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Jeff McNeil introduces a new use for the protective netting at Guaranteed Rate Field

CHICAGO – New York Mets rookie Jeff McNeil insists he would have dove into the stands at Guaranteed Rate Field, regardless of whether there was netting.

Eloy Jiménez lofted a fly ball down the right-field line in the fifth inning of Thursday’s 4-0 win over the White Sox, and McNeil caught it steps before the low wall. The converted outfielder then launched himself into the netting before bouncing back onto the field while showing the ball.

And no one was injured.

“I knew the net was there. I knew it was going to be really close,” McNeil said. “Caught it, jumped up, that fence is really low too so you don’t want to try to stop there. Best-case scenario there was jump into the net and use it for our protection.”

The Chicago White Sox were the first team to extend netting from foul pole-to-pole last month in the aftermath of a woman being hit by a foul ball at the stadium. There are more and more calls for extended netting to help keep the fans protected from rockets down the lines.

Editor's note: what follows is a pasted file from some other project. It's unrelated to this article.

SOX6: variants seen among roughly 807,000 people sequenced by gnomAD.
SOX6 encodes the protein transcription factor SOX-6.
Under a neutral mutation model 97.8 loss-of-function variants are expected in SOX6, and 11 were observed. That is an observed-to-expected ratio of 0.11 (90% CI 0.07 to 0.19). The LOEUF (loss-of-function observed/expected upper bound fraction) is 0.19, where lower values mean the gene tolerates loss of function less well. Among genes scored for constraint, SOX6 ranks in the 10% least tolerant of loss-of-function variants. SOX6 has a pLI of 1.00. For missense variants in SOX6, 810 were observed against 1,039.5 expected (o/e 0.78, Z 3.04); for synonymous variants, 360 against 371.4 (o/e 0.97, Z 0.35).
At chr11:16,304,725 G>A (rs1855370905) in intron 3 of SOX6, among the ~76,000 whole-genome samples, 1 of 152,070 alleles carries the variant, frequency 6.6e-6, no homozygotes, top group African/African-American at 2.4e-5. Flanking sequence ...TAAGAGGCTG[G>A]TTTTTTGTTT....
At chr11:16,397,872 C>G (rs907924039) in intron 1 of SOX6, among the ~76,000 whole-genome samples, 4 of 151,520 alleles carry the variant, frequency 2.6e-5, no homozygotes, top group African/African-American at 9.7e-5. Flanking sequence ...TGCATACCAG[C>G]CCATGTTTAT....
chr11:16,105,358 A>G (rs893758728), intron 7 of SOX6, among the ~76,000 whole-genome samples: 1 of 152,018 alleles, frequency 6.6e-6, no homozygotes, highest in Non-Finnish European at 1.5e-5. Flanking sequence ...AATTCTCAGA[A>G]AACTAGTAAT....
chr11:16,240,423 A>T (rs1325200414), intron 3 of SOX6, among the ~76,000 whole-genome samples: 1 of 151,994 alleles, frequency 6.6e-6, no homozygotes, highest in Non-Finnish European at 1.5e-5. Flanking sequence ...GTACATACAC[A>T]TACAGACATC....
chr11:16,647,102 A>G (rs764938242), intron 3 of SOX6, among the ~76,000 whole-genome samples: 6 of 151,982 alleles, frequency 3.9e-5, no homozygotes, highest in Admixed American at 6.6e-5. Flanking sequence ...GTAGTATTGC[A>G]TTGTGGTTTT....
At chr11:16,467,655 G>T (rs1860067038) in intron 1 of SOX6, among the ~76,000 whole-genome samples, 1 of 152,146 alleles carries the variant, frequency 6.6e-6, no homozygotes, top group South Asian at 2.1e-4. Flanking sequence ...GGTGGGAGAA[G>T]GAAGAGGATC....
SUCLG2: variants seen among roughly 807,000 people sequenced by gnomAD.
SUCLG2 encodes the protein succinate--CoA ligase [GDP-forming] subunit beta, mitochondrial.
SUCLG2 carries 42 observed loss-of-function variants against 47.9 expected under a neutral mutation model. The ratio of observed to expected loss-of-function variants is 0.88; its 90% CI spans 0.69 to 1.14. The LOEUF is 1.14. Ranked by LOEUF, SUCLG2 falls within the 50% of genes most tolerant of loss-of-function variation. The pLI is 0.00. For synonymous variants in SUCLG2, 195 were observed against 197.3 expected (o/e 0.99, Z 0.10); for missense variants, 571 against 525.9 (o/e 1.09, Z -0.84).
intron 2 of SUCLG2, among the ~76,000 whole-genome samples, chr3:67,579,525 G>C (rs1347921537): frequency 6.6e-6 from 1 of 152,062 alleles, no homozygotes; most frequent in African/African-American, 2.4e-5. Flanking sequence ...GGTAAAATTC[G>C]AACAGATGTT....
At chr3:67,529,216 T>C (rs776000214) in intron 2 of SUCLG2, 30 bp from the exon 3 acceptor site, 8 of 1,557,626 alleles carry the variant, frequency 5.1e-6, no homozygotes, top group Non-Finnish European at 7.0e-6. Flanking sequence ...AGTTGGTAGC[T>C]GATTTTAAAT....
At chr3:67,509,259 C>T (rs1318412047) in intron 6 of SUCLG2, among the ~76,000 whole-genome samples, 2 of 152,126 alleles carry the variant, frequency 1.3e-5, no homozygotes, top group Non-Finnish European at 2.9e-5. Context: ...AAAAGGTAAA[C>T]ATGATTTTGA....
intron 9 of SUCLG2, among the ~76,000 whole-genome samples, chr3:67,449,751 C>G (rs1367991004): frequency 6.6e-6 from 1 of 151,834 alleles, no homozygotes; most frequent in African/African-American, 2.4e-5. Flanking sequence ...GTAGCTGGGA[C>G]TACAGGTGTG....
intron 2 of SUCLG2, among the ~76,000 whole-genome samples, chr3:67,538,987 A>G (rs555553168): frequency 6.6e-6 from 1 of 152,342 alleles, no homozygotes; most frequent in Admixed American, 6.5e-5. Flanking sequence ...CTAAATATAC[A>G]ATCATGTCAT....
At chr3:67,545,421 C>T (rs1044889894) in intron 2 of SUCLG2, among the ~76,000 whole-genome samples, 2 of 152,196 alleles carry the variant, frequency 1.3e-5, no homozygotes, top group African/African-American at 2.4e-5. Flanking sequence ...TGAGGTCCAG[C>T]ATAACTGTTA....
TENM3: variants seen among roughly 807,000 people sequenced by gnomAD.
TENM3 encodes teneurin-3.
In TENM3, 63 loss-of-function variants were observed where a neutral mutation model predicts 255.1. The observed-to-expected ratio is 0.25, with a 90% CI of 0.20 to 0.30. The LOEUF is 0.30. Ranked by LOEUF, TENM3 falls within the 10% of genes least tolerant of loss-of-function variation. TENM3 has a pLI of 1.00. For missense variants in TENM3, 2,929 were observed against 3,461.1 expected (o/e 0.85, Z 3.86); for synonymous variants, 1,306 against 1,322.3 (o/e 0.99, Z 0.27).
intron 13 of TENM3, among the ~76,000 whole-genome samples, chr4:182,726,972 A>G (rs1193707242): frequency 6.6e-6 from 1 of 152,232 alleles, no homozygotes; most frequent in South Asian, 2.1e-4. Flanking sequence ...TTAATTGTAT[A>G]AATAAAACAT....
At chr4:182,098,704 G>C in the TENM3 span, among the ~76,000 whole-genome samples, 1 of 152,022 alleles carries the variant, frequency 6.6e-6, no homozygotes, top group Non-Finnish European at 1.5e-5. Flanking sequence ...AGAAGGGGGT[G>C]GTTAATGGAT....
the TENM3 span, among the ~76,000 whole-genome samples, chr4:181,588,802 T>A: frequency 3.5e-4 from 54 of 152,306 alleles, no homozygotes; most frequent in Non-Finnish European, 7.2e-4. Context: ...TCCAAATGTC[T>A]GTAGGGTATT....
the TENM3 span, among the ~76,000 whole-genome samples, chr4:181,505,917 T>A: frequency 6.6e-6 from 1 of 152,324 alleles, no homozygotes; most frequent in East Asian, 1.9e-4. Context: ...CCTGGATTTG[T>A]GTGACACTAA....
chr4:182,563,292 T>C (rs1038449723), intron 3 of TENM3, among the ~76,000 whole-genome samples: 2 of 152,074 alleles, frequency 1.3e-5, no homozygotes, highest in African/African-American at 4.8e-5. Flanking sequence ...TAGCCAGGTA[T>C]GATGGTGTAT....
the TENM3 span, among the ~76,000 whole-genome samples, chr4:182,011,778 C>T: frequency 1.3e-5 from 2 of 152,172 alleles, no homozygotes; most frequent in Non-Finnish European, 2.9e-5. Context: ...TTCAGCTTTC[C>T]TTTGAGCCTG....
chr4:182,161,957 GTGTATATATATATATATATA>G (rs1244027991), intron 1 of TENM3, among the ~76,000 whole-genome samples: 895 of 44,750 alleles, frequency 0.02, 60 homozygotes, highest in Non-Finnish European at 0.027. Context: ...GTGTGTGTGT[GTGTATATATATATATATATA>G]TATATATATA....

Other teams, like the Washington Nationals, have followed suit.

The netting at Guaranteed Rate Field protected Jeff McNeil during his catch on Wednesday. (AP)

Due to the low walls in foul territory at Guaranteed Rate Field, the netting also will help keep players healthy since it will prevent them from falling into the stands. McNeil would have put himself at risk for an injury while trying to record an out for starter Zack Wheeler.

McNeil leaves it all on the field, which has led to him getting dinged up at times.

He jumped into the net with his right knee forward and then turned his right shoulder while crashing into the netting, and then bounced onto his feet.

“It would have been unfortunate for people in the front row, but I’m going into the stands on that,” said McNeil, who is a top contender to win the NL batting title. “Kind of fun. Seen catchers and stuff go into the net. It’s gonna spring you back in.”

The play even inspired Mets manager Mickey Callaway, who has avoided taking a definitive stance on the calls for more netting, to acknowledge the benefits of extended netting.

“That was awesome. All fields should have that,” Callaway said. “It actually saved him from maybe getting hurt, you commit, you dive into a soft net, like falling into a trampoline at a circus or something. Not only saving the fans but maybe we’re saving players.”

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